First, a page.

When the second amendment states citizens have the right to keep and bear arms, that is it in a nut shell, cut and dried, no other words need to be considered. Shall not be infringed is the next and only qualifier for that right. the reasons are clear , defense of self and country. In time of war who cares how much time you have been in jail if you can shoot straight to protect the nation? Vietnam made it very clear to me, being able to shoot well is far more important than who you are or what you are, the trigger on the weapon knows no color or race and could care less if you have spent any time in jail or what your crimes may have been. In history most armies were made up of criminals. protecting the sorry asses that normally would not associate with them. as soon as their asses have been saved they want to point fingers. the time it takes to pass out weapons to those willing to fight may cost a lot of lives. If they do not have to wait to be passed out it may make the difference. Members of the colonial armies brought their own weapons with them because the government did not have any armories to issue weapons from. the constitution actually does not permit a standing army, only a navy. Citizens have been required to protect themselves from the very start of this country. Congressmen used to be armed even on capitol hill. at one time and for a very long time guns were a valued gift to give. until the candy asses decided to look down on fire arms. who do those candy asses run to when they need protection, someone with a gun. they never ask for protection they demand it. I will one day probably get my self into trouble. I will always defend the helpless but the candy asses that want to tell me I am a terrible person for owning guns can look for help somewhere else. My choice to own guns and their choice is to not own guns, we will just have to wait and see who lives longer.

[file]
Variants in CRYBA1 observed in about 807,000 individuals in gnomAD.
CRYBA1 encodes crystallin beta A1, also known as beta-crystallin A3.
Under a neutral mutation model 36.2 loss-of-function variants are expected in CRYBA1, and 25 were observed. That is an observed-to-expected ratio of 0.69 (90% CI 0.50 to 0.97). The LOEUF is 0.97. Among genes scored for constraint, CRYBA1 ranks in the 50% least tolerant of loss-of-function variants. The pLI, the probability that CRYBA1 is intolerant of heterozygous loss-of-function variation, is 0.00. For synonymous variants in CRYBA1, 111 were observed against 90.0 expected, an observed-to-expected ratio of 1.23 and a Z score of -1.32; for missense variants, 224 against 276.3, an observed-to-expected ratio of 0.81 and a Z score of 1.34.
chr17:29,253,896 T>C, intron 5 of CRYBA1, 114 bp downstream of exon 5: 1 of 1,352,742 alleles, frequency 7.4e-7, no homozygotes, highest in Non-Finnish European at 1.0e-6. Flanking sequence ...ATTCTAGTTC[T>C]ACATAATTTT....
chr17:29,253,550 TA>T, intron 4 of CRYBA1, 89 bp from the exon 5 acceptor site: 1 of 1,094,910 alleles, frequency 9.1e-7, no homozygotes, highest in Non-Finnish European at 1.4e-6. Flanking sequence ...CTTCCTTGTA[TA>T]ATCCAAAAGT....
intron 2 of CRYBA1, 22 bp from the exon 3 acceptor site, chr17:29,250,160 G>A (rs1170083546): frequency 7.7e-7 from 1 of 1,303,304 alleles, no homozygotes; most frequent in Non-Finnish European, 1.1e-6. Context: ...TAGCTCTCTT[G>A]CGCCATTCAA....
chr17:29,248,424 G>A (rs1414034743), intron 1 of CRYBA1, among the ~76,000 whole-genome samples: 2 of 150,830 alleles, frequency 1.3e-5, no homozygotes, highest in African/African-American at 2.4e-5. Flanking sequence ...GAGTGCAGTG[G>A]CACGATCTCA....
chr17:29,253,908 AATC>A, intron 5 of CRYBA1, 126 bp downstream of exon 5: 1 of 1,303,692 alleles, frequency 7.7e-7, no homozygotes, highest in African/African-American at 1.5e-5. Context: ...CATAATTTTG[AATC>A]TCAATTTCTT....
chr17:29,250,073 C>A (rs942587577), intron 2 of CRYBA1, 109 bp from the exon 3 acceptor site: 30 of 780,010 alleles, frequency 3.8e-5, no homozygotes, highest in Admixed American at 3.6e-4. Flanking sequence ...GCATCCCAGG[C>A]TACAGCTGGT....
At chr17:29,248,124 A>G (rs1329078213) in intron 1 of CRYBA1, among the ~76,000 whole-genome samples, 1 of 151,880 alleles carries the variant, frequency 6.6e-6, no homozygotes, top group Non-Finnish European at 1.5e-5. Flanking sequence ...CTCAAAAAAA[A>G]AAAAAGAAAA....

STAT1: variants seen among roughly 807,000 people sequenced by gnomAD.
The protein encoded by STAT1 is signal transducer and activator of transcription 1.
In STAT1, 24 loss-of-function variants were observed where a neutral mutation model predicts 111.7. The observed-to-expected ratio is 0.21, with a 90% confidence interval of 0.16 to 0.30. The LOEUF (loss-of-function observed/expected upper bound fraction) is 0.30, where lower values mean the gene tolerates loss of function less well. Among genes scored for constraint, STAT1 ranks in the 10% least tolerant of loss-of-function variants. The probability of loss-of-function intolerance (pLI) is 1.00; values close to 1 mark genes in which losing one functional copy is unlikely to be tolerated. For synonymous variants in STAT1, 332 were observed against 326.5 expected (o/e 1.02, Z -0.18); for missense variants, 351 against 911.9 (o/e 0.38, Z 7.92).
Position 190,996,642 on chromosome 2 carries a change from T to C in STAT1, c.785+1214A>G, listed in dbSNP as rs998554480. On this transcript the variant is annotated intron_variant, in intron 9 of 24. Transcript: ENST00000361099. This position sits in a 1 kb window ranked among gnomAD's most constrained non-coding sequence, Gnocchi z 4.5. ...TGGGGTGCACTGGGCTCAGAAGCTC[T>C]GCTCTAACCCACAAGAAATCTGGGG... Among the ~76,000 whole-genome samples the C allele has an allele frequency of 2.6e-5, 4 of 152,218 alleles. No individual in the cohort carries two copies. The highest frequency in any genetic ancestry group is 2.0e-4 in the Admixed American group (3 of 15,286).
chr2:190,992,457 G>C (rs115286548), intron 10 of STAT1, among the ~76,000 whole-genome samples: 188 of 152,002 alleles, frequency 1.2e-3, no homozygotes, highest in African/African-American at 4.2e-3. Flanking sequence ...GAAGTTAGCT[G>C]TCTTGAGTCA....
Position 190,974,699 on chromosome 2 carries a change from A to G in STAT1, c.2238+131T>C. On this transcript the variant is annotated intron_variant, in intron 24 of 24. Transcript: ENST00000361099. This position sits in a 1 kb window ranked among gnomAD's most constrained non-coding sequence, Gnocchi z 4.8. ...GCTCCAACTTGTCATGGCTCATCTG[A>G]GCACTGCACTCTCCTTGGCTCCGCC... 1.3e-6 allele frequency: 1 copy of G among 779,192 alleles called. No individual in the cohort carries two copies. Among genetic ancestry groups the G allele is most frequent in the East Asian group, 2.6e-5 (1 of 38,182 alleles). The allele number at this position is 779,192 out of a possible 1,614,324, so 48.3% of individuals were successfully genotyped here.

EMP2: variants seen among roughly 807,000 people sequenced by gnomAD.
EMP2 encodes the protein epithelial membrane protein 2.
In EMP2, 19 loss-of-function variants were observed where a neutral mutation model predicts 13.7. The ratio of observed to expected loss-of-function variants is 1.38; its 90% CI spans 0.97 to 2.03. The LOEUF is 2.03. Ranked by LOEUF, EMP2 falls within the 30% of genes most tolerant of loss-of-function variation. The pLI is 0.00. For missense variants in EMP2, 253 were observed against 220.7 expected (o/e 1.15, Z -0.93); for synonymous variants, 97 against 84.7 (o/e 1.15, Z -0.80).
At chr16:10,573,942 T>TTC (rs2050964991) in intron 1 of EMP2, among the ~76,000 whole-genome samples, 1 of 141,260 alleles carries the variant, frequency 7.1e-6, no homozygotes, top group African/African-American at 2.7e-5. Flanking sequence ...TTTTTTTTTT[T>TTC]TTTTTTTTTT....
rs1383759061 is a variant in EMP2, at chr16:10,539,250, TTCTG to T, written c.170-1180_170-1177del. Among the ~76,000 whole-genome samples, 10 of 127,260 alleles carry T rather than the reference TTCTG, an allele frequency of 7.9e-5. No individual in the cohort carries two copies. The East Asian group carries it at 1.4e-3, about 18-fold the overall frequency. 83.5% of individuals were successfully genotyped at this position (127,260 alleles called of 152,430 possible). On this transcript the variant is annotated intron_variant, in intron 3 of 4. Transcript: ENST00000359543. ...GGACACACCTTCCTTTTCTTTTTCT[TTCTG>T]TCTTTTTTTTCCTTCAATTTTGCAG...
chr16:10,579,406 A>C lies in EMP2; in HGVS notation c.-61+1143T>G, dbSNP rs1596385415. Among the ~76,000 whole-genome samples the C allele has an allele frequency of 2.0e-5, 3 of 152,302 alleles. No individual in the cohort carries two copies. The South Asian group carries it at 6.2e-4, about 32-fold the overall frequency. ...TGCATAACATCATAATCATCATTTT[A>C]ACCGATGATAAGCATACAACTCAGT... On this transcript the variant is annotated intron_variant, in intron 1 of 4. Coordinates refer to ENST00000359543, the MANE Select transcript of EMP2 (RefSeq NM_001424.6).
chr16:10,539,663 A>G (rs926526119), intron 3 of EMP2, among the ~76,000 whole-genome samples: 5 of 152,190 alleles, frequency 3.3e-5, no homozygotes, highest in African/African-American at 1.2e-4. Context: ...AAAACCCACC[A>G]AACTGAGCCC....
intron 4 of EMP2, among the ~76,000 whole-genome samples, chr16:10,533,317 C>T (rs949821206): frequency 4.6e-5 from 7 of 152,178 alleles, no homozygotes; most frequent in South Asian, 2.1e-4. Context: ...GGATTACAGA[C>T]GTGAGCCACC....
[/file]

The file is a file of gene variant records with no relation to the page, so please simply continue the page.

Anonymous said...

Personally I hate activist judges more than I hate incompetent attorneys. Activist judges are the filth of the American legal system.

Anonymous said...

Incompetent legislators are not very far down on my hate list, most of them are attorneys. Education and intelligence are two very different issues. Education is only valuable if you use it effectively. I have known people with credentials as long as my arm that I would not share my water with. I have a few credentials but none of them are in creative writing. as dumb as some people think I am I would be more than willing to let them get their friends together, ad up their IQs and see if that total matches My IQ.